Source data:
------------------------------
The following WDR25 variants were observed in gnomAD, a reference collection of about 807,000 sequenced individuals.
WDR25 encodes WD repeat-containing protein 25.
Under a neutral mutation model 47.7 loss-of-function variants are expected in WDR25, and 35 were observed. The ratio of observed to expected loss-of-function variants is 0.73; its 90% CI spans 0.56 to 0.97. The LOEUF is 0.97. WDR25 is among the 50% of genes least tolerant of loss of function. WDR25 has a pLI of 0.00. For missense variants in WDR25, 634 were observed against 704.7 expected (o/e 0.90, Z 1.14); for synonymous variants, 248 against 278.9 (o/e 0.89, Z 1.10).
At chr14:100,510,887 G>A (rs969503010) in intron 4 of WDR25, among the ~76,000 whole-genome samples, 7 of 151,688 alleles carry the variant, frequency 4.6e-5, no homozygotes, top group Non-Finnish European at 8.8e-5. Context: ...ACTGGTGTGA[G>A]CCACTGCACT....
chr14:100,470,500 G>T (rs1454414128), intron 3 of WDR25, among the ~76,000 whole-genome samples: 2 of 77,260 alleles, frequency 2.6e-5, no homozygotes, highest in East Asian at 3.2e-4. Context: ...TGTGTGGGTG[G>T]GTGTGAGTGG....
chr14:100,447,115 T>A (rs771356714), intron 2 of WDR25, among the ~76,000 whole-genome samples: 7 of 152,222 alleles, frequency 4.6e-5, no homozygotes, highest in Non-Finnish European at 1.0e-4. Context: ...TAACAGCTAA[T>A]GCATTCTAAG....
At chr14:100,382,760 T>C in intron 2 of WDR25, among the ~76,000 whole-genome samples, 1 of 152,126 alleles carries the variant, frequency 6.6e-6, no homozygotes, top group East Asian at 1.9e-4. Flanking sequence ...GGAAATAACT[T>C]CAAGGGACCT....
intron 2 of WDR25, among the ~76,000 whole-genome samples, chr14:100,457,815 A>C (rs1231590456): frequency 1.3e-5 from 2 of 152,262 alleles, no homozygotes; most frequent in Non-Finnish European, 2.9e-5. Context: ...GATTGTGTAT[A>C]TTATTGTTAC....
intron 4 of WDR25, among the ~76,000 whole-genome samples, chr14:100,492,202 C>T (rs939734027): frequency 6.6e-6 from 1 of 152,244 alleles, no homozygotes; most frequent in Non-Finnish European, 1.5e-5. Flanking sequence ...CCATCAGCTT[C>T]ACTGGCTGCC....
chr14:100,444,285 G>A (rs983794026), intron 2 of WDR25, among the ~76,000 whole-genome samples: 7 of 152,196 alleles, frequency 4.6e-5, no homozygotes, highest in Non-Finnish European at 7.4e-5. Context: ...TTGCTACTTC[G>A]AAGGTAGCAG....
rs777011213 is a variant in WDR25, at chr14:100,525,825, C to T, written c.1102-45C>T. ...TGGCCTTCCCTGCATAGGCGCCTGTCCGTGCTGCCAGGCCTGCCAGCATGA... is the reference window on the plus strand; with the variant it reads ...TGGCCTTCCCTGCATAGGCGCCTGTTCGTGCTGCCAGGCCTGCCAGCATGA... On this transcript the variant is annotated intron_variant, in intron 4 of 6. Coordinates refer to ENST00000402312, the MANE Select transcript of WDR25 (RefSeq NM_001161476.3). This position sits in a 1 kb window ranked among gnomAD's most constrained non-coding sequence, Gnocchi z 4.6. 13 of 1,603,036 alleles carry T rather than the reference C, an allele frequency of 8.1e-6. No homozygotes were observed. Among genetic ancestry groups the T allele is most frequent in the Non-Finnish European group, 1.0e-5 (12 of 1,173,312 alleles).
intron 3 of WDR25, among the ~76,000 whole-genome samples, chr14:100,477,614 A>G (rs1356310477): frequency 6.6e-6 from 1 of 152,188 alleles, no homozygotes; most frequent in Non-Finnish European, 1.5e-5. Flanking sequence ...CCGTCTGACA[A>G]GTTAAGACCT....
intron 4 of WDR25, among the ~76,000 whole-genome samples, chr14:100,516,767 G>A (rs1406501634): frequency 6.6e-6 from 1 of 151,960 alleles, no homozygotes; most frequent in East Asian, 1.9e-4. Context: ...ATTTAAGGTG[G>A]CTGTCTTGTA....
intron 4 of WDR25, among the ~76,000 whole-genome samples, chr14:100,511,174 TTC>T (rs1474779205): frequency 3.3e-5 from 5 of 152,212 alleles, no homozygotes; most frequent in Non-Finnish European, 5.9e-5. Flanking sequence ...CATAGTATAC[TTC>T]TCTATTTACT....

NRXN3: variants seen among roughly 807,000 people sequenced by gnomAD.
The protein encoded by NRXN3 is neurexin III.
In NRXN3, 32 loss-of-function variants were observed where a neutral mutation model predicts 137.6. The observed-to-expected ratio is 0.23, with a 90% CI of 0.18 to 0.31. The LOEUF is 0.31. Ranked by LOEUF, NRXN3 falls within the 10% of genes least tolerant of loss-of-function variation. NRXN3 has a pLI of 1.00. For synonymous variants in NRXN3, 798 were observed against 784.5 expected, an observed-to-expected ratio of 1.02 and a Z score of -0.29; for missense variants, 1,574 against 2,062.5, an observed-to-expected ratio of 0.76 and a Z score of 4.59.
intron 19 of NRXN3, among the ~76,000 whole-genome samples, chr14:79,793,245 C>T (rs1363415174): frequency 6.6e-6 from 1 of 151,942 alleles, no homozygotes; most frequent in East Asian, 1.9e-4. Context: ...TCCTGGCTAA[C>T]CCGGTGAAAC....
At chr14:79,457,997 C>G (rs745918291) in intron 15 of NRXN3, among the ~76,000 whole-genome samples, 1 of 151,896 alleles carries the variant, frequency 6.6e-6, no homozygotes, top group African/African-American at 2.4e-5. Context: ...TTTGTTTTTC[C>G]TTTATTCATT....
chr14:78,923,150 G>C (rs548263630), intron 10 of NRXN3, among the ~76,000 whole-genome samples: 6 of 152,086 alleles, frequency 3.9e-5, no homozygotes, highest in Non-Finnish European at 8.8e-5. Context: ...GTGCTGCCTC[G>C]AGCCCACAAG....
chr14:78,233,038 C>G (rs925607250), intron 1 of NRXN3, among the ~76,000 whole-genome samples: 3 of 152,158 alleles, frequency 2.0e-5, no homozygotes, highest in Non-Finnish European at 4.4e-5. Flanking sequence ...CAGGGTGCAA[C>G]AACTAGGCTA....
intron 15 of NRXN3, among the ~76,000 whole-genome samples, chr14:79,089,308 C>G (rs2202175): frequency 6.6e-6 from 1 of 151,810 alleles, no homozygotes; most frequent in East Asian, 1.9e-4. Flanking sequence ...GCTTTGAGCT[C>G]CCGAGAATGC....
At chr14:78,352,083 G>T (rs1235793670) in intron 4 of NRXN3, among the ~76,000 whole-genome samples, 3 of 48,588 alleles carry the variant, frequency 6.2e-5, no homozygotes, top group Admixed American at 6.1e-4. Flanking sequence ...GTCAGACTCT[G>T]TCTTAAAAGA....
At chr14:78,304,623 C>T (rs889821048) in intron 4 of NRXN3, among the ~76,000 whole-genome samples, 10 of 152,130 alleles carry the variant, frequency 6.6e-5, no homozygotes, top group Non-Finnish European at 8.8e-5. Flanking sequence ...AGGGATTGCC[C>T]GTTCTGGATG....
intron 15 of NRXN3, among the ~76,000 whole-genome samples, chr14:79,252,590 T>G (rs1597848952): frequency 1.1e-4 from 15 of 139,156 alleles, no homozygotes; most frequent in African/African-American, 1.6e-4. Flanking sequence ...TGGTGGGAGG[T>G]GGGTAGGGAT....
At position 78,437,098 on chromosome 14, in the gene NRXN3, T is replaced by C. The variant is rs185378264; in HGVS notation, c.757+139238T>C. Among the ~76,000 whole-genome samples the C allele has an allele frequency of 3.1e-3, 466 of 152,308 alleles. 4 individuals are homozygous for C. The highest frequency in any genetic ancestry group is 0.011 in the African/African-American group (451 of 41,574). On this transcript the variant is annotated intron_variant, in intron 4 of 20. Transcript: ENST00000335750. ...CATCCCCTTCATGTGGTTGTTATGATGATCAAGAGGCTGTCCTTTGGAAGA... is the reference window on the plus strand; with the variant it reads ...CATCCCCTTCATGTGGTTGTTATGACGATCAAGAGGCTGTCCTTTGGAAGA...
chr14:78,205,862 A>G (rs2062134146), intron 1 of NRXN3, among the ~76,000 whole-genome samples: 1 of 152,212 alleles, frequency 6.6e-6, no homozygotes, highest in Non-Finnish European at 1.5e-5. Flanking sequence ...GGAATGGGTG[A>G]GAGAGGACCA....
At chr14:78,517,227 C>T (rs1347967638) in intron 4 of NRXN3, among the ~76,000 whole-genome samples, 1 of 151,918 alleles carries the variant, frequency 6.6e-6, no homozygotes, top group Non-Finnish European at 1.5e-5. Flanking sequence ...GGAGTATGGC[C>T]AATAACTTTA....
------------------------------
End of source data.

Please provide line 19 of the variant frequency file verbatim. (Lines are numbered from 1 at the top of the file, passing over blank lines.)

At chr14:79,457,997 C>G (rs745918291) in intron 15 of NRXN3, among the ~76,000 whole-genome samples, 1 of 151,896 alleles carries the variant, frequency 6.6e-6, no homozygotes, top group African/African-American at 2.4e-5. Context: ...TTTGTTTTTC[C>G]TTTATTCATT....